Summer 2015 will be transit oriented

A Blue Line TRAX train waits at the Gallivan Station in downtown Salt Lake City.  Photo courtesy UTA.
A Blue Line TRAX train waits at the Gallivan Station in downtown Salt Lake City. Photo courtesy UTA.

Salt Lake City’s summer festival season officially kicked off over the weekend with the Urban Flea Market, Rose Park Community Festival and the 30th Annual Living Traditions Festival.  For residents, the City’s festivals are an opportunity to engage the community, celebrate the arts and culture and enjoy summer weather.  This year the festival season will also be an opportunity for residents to shape new transit options.

This summer, Salt Lake City will use the City’s summer festivals and weekly Twilight Concerts to reach out to residents, business owners and commuters to help shape the City’s mobility future by participating in the development of the first Salt Lake City Transit Master Plan.

“By 2040, we expect 40,000 new residents and 20,000 new employees in Salt Lake City,” said Salt Lake City Transportation Division Director Robin Hutcheson. “Residents have already expressed a desire for improved transportation choices and, as we grow, we will continue to strive to be a first-class city when it comes to the availability of quality transportation options. Public transportation is a vital component of a healthy transportation network.”

The Transit Master Plan, to be developed through 2015, will be a guiding document for the City to improve public transportation services and amenities citywide. The City has officially launched SLCRides, an outreach campaign, led by the City’s Transportation Division, in coordination with the Utah Transit Authority, regional planning agencies and community stakeholders. According to the City, SLCRides provides an opportunity for residents and visitors to help prepare goals and determine strategies for improving our public transportation system of buses and trains, transit related programs and passenger amenities.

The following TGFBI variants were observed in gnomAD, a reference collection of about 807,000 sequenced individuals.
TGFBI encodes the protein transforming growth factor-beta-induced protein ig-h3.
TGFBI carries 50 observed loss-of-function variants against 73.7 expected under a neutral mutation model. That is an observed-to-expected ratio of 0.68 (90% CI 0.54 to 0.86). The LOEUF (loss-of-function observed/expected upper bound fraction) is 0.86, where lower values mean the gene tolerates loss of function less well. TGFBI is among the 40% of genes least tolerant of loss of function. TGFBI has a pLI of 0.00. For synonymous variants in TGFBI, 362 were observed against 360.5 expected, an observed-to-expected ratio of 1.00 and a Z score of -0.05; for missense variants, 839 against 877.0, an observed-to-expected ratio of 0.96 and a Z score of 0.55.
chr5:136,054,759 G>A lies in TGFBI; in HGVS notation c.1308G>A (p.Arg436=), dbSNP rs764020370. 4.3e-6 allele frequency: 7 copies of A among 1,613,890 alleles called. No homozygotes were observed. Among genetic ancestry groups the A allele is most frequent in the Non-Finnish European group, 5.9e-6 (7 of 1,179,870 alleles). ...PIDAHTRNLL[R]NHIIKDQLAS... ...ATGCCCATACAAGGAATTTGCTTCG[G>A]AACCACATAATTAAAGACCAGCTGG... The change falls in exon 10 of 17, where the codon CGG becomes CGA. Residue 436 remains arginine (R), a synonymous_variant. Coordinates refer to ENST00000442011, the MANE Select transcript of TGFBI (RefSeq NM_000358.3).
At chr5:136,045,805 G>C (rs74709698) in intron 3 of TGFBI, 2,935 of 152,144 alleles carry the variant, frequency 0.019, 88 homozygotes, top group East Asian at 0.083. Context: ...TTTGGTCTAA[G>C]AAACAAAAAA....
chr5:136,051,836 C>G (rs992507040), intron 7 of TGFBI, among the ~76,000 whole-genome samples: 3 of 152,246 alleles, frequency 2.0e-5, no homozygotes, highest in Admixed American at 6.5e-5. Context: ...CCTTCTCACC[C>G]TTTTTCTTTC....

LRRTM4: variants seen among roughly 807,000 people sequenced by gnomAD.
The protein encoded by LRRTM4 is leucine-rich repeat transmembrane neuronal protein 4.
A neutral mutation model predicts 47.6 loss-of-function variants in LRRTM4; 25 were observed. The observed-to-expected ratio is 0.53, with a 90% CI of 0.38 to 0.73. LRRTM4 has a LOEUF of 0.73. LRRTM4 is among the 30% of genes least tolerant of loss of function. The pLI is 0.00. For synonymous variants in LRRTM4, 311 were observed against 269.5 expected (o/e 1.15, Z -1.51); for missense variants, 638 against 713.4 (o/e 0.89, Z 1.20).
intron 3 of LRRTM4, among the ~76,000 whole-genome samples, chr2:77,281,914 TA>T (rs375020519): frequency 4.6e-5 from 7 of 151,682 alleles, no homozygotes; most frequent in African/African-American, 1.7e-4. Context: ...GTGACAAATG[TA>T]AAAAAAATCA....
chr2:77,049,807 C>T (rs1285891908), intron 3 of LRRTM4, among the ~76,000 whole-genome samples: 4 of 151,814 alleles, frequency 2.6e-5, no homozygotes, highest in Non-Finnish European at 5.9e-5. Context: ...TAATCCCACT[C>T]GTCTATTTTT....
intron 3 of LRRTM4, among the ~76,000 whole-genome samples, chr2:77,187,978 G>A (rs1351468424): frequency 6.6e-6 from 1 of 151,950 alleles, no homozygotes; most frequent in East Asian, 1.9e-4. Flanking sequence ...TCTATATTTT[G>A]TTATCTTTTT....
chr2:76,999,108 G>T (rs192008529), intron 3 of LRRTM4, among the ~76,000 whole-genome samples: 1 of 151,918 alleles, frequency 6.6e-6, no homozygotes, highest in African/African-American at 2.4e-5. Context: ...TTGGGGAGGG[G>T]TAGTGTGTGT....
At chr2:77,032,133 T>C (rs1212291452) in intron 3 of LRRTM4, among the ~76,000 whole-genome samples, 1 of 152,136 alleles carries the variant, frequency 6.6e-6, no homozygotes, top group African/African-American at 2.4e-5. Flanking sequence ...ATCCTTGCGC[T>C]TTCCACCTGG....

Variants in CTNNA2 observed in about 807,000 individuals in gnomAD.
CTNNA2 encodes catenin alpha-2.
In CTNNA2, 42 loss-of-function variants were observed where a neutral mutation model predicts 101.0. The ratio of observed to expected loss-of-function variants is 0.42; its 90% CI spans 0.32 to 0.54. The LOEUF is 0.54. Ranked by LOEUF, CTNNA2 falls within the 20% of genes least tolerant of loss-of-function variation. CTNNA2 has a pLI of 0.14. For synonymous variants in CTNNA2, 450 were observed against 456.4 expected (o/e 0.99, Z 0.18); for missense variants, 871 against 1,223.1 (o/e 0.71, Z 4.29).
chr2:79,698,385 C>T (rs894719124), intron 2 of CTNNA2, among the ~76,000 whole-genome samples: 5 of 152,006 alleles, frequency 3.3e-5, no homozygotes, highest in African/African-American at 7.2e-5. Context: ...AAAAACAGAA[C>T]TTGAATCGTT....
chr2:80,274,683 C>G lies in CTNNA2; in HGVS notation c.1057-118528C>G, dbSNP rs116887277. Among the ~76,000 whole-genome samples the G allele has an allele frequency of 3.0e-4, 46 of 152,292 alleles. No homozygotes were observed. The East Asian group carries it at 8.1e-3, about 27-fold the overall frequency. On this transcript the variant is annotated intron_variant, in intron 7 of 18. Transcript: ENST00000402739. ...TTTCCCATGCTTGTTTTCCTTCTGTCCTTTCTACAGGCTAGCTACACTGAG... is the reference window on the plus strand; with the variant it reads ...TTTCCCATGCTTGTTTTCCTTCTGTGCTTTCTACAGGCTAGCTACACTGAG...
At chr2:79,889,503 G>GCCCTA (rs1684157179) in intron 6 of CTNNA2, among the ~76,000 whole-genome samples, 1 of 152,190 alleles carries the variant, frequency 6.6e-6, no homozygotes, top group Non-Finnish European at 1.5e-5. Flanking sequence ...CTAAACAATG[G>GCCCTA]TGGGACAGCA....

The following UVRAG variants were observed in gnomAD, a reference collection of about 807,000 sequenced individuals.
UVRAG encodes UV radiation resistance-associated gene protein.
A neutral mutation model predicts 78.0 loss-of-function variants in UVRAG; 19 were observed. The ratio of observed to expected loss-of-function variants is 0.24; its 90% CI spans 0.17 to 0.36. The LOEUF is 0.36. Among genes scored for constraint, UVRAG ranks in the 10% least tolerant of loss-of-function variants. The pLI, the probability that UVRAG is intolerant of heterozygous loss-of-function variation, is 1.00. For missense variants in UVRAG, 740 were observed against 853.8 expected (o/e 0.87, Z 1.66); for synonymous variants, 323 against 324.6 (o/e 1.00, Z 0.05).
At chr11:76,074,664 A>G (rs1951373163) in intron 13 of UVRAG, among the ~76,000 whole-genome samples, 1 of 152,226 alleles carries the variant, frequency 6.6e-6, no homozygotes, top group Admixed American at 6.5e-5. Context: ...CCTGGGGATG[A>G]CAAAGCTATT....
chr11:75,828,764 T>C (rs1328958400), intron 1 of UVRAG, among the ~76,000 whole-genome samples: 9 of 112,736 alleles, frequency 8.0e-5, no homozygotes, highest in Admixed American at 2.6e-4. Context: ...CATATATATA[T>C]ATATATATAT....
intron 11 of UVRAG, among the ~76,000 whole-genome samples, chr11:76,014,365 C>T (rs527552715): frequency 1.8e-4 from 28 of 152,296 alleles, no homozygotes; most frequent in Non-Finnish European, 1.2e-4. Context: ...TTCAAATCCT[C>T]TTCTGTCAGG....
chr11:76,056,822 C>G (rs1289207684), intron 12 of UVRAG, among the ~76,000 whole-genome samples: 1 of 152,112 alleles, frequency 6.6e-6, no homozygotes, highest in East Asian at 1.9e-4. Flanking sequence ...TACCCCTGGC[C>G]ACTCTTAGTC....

The Plan builds off of transit six goals to adopted by the Salt Lake City Council during a 2013 retreat:

  • Ease of Use: Anyone in Salt Lake City can get from Point A to Point B using only one transfer
  • Affordability: Cost for service should be scaled to the length of each trip – or everyone should get a transit pass.
  • Destinations: Everyone should be able to get to two transit routes within a quarter mile of where they live or work.
  • Time of Day: Mass transit hours of operation should mirror the times people leave and return from work and play.
  • Immediacy: Mass transit service should be available every 10 minutes so people can presume service
  • Route Reliability: Routes should remain stable so residents and developers can make transit part of their long-term housing choice.

Salt Lake City residents won’t have to wait until the Transit Plan is formally adopted to see enhanced bus service.  The Utah Transit Authority announced this week that service hours will be expanded in August for the S-Line streetcar, TRAX and several bus lines.

Beginning August 16, Sunday TRAX trains hours will extend a few hours, with the last trains leaving Downtown around 11:30 p.m., matching the current Saturday schedule.  The S-Line streetcar service hours will be expanded to match TRAX hours, extending the time the last train leaves the Fairmont Station by at least two hours (currently the last train leaves the station at 9:20 p.m. on weekdays).

The 220 bus route will run on a 15-minute schedule, bring the total number of high-frequency bus routes in the City to seven.  Currently 220 only runs every 15-minutes during the morning and afternoon commute hours.  The August schedule change will increase the percentage of City residents living near a high-frequency bus route from 46 percent to 56 percent.  The 220 route connects Sandy to Salt Lake Central Station via Highland Drive, 1300 East and 100 South.

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